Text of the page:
The last general test of Aeolus, which will start in a Vega rocket from the European spaceport of Kurú (French Guyana), took place last Friday at the European Space Operations Center (ESOC) in Darmstadt, Germany, emphasizes the site space travel.
During this test experts in mission operations, flight dynamics, ground stations and software systems worked together with their counterparts to practice the pre-launch and take-off series.
The satellite will carry the Aladin instrument, which contains laser technology to send pulses of ultraviolet light into the atmosphere in order to create a profile of the planet's winds.
According to the director of ESA Earth Observation Program, Josef Aschbacher, Aeolus has presented a number of technical challenges, but it is still something entirely new, because the wind has never been measured from the cosmos.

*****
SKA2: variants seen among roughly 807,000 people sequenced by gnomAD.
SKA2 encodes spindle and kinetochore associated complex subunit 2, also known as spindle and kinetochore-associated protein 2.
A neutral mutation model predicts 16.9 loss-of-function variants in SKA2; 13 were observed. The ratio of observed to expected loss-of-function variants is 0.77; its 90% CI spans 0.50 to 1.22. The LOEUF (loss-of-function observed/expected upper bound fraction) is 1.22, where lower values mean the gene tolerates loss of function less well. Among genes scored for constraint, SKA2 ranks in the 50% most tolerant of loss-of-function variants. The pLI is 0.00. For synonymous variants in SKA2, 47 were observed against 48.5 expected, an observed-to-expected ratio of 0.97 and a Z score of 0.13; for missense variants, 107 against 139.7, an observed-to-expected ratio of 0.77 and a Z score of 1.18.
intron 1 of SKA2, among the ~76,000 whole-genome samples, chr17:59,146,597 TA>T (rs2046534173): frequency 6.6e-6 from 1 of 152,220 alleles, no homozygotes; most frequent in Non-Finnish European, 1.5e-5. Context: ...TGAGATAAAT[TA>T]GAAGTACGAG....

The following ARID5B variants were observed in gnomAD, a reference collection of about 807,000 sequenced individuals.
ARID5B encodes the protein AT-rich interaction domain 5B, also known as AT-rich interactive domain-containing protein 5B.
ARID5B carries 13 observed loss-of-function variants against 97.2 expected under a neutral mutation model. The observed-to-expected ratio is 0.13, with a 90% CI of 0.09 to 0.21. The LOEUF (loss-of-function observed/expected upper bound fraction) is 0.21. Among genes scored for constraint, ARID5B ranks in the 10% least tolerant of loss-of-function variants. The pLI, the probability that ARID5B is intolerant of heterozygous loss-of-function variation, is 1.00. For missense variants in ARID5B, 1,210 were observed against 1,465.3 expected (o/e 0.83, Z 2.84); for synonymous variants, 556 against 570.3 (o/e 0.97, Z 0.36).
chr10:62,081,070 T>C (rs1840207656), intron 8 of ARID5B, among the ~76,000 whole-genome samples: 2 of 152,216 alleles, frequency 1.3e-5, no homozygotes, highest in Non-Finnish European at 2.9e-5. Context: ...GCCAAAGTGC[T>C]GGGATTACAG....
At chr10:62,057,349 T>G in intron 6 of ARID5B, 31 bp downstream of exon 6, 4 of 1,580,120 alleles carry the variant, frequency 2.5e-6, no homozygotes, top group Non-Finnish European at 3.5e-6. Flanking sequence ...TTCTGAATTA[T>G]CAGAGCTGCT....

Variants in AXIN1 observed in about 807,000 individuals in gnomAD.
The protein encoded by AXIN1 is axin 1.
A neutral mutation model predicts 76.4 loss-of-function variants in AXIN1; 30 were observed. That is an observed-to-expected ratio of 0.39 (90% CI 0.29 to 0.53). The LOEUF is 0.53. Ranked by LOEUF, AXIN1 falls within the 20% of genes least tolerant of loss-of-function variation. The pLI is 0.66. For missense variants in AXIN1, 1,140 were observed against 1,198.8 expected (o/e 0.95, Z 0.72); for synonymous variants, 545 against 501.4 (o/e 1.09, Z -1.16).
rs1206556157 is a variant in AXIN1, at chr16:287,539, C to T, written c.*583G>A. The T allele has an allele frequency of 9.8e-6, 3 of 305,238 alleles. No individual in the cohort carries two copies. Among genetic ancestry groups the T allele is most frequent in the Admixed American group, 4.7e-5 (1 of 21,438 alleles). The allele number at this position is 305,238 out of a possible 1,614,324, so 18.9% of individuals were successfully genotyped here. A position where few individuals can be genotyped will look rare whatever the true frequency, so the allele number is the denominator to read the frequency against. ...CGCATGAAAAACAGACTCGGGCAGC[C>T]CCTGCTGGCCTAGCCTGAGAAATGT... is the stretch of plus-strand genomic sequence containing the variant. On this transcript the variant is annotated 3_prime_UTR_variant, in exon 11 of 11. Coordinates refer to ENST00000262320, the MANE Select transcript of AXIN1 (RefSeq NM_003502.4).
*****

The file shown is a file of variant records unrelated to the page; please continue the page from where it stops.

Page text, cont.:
The celestial body will change the way to understand the dynamics of the atmosphere and will have a clear application from day to day because it will improve weather forecasts, he said.
Experts believe that this new mission aims to shed light on how the wind influences the exchange of heat and humidity between the Earth's surface and the atmosphere, two important aspects to understanding climate change.